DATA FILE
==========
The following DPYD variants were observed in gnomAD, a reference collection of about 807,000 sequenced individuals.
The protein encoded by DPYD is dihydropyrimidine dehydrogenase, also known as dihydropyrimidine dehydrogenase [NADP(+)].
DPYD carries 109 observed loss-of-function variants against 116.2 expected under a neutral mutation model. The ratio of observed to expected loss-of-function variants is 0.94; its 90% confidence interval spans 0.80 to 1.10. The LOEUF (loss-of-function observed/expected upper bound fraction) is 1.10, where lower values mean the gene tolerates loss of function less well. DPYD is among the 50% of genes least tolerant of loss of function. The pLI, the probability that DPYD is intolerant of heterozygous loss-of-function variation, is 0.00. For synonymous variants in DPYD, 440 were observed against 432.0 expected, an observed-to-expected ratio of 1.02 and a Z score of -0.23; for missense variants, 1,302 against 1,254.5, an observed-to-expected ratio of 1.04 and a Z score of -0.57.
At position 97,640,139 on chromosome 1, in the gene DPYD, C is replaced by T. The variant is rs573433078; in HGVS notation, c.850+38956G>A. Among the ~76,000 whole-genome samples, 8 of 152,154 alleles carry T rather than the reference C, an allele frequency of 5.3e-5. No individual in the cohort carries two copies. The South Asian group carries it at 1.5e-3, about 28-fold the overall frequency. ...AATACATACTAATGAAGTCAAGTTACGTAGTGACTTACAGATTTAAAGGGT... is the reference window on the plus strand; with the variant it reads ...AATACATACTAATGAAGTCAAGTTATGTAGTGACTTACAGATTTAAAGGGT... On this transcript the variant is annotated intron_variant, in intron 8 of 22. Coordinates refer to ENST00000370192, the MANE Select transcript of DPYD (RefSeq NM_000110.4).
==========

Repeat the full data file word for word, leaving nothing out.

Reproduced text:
The following DPYD variants were observed in gnomAD, a reference collection of about 807,000 sequenced individuals.
The protein encoded by DPYD is dihydropyrimidine dehydrogenase, also known as dihydropyrimidine dehydrogenase [NADP(+)].
DPYD carries 109 observed loss-of-function variants against 116.2 expected under a neutral mutation model. The ratio of observed to expected loss-of-function variants is 0.94; its 90% confidence interval spans 0.80 to 1.10. The LOEUF (loss-of-function observed/expected upper bound fraction) is 1.10, where lower values mean the gene tolerates loss of function less well. DPYD is among the 50% of genes least tolerant of loss of function. The pLI, the probability that DPYD is intolerant of heterozygous loss-of-function variation, is 0.00. For synonymous variants in DPYD, 440 were observed against 432.0 expected, an observed-to-expected ratio of 1.02 and a Z score of -0.23; for missense variants, 1,302 against 1,254.5, an observed-to-expected ratio of 1.04 and a Z score of -0.57.
At position 97,640,139 on chromosome 1, in the gene DPYD, C is replaced by T. The variant is rs573433078; in HGVS notation, c.850+38956G>A. Among the ~76,000 whole-genome samples, 8 of 152,154 alleles carry T rather than the reference C, an allele frequency of 5.3e-5. No individual in the cohort carries two copies. The South Asian group carries it at 1.5e-3, about 28-fold the overall frequency. ...AATACATACTAATGAAGTCAAGTTACGTAGTGACTTACAGATTTAAAGGGT... is the reference window on the plus strand; with the variant it reads ...AATACATACTAATGAAGTCAAGTTATGTAGTGACTTACAGATTTAAAGGGT... On this transcript the variant is annotated intron_variant, in intron 8 of 22. Coordinates refer to ENST00000370192, the MANE Select transcript of DPYD (RefSeq NM_000110.4).